Canada Regulations

Canada Regulations

In Canada, rules for unruly passengers are governed by the Canadian Aviation Regulations and the Aeronautics Act. Disruptive passengers may be fined as much as $100,000 CAD and a 5-year prison sentence or in some cases, both.  

US Regulations

US Regulations

In 2021 the FAA adopted a zero tolerance policy for disruptive passengers in the US. Prior to this, unruly passengers were handled with a combination of warnings or with civil penalties, but the new rules state that they will, “pursue legal enforcement action against any passenger who assaults, threatens, intimidates, or interferes with airline crew members”. 

“Dangerous passengers put everyone at risk. Threatening or violent behaviour can distract and disrupt crewmembers from their primary responsibility - to ensure the safety of all passengers. If you disrupt a flight, you risk not only substantial fines from the FAA, but also federal criminal prosecution and jail time.”   - Mike Whitaker, FAA Administrator

More specifically, unruly passengers in the US can face:

  • Jail time
  • Fines up to $37,000 per passenger
  • Travel restrictions and being placed on airline’s no-fly lists

The fines are high because the disruption caused by unruly passengers can cause the flight to be either rescheduled or diverted which can result in a cascade of flight delays, missed connections, and other indirect effects which are all extremely expensive for airlines and infuriating for passengers.

Dangerous passengers put everyone at risk

International Laws for Unruly Passengers

In many cases, unruly passengers on international flights were able to avoid prosecution. The 1963 Tokyo Convention, a treaty that governs “offences against penal law”, states that any offences that happen during an international flight would be handled by the country where the plane is registered and not by local authorities. So, if a passenger disrupted a flight, local authorities were unable to take action against them. 

In 2014, the Montreal Protocol (MP14) was adopted to deal with this loophole and expand the rules of the Tokyo Convention. The rules of MP14 allow individual states to handle unruly air passengers and not just the country where the plane is registered. This treaty went into force in 2020, and to date, 44 countries have ratified it. 

Unruly Passengers Cause a Ripple Effect

Air rage affects more than just the fellow passengers and crew. If a disruptive passenger delays departure or causes a plane to be diverted for an emergency landing, it can result in a cascade of delays and missed connections. 


Even worse, passengers affected by these delays and missed connections have no recourse for their extra expense and inconvenience. EU261 and UK261 require airlines to compensate passengers for flight delays and cancellations as long as these flight disruptions were the airline’s fault.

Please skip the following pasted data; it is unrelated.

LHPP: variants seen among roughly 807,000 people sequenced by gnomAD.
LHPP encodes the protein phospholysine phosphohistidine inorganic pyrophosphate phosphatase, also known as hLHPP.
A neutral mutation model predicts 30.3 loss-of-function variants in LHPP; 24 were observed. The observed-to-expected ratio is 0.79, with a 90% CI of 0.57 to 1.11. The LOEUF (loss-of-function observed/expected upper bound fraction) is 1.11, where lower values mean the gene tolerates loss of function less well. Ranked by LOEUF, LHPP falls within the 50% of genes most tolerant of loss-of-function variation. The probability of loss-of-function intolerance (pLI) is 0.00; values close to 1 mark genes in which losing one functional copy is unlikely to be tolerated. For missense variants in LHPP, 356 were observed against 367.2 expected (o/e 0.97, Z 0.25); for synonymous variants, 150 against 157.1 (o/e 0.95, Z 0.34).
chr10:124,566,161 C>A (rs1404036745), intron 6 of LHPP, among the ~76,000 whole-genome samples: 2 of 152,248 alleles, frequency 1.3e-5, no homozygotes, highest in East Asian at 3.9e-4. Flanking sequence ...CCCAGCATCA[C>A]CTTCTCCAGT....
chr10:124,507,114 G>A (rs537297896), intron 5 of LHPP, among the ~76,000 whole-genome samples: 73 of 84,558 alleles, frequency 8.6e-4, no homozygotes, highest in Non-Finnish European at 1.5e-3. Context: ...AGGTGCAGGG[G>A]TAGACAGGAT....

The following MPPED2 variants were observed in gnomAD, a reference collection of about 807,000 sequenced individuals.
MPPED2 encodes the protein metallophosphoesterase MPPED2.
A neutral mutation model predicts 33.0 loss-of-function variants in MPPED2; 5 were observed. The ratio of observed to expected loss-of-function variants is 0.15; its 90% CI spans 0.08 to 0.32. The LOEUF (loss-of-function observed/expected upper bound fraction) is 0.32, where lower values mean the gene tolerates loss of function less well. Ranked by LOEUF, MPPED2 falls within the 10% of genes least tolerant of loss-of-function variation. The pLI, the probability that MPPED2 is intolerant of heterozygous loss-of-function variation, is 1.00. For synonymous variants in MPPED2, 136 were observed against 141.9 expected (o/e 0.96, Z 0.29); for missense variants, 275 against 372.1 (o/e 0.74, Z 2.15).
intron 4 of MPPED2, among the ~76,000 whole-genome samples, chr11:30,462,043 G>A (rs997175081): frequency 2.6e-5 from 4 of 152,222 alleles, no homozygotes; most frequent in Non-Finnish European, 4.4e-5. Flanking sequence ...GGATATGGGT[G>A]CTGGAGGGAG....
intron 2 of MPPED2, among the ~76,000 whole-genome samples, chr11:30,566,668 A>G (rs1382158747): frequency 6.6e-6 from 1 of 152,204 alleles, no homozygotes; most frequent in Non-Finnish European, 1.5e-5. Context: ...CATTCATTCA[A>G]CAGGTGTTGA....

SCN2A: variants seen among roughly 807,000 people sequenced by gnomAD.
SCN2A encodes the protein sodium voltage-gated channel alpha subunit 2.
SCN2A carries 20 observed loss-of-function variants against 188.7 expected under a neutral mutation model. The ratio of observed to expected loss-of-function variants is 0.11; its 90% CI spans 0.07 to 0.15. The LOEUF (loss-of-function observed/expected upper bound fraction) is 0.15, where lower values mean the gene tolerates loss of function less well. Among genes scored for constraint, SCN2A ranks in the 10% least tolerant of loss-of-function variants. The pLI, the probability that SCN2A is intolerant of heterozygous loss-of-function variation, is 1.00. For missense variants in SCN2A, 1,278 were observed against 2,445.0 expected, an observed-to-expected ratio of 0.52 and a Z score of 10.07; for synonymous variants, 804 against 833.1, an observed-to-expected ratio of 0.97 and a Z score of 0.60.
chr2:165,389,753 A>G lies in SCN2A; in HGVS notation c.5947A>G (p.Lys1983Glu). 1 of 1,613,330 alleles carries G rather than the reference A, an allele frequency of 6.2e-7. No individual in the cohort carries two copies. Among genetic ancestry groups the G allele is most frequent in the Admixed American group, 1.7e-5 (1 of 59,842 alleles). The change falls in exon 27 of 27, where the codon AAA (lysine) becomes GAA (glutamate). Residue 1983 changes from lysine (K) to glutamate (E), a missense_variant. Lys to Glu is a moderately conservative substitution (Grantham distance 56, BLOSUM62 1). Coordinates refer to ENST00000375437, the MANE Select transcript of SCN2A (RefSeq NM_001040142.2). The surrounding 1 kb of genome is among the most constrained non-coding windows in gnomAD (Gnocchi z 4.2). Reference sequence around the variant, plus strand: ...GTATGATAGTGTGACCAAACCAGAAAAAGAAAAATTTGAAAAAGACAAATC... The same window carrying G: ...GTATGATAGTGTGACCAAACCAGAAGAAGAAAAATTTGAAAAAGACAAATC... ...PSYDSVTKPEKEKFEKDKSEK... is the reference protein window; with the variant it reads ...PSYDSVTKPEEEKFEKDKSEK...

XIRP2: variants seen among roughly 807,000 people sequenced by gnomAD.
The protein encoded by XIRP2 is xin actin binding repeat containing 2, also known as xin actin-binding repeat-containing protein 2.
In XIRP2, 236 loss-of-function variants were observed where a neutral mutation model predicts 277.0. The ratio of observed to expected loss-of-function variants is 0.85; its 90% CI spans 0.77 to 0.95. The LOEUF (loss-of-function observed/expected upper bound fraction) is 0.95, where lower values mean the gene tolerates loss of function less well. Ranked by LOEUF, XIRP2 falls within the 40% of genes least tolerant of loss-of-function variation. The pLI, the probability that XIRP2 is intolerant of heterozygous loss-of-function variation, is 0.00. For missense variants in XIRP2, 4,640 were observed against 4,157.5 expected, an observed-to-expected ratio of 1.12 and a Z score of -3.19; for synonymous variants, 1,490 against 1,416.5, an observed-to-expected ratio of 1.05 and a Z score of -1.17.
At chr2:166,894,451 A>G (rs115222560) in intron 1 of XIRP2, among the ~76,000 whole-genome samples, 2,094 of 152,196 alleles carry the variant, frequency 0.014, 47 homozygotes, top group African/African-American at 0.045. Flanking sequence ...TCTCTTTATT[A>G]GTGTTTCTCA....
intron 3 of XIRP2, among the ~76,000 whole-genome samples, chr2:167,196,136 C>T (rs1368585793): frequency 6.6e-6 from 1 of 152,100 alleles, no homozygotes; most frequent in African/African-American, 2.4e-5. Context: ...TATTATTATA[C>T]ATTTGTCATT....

In 2017, a passenger filed a compensation claim with TAP airlines because his flight from Brazil to Portugal was delayed which caused him to miss his connecting flight travelling to Norway. The delay was caused because an unruly passenger was assaulting members of the crew and biting his fellow passengers resulting in the plane being diverted. 

The passenger who filed the claim was denied compensation from TAP because the unruly behaviour that caused the delayed flight was ruled as an extraordinary circumstance by the European Court of Justice in Luxembourg.

The rules of EU and UK regulations state that airlines do not have to compensate passengers for flight disruptions outside their control or caused by extraordinary circumstances but these are usually dangerous weather or airport strikes.

What to Do If a Fellow Passenger is Unruly

Flight attendants are trained to handle air rage by using conflict management skills to help them limit the amount of alcohol a passenger consures, safely restraining threatening passengers, and generally trying to diffuse the situation before it escalates. But what should you do if you’re on a flight where a fellow passenger becomes belligerent? 

The best thing you can do is to alert crew members of the disruptive behaviour, if they haven’t already noticed, and avoid getting involved. Even though you may have good intentions, getting involved can often make the situation worse which increases the safety risk to you, the crew, and your fellow passengers.


With disruptive passenger incidents on the rise, both airlines and airports have begun implementing strategies to help the public understand the consequences they face for behaving badly during a flight. There is also some debate as to whether airports should take a more active role in screening unruly passengers before they get to the gate, and how much action airline staff should take in preventing unruly passengers from boarding. To enforce stricter measures for disruptive passengers on international flights, it’s important that more countries ratify MP14 - including the US which has yet to sign the treaty. In the end, it will take cooperation on all fronts to tackle the problem of air rage.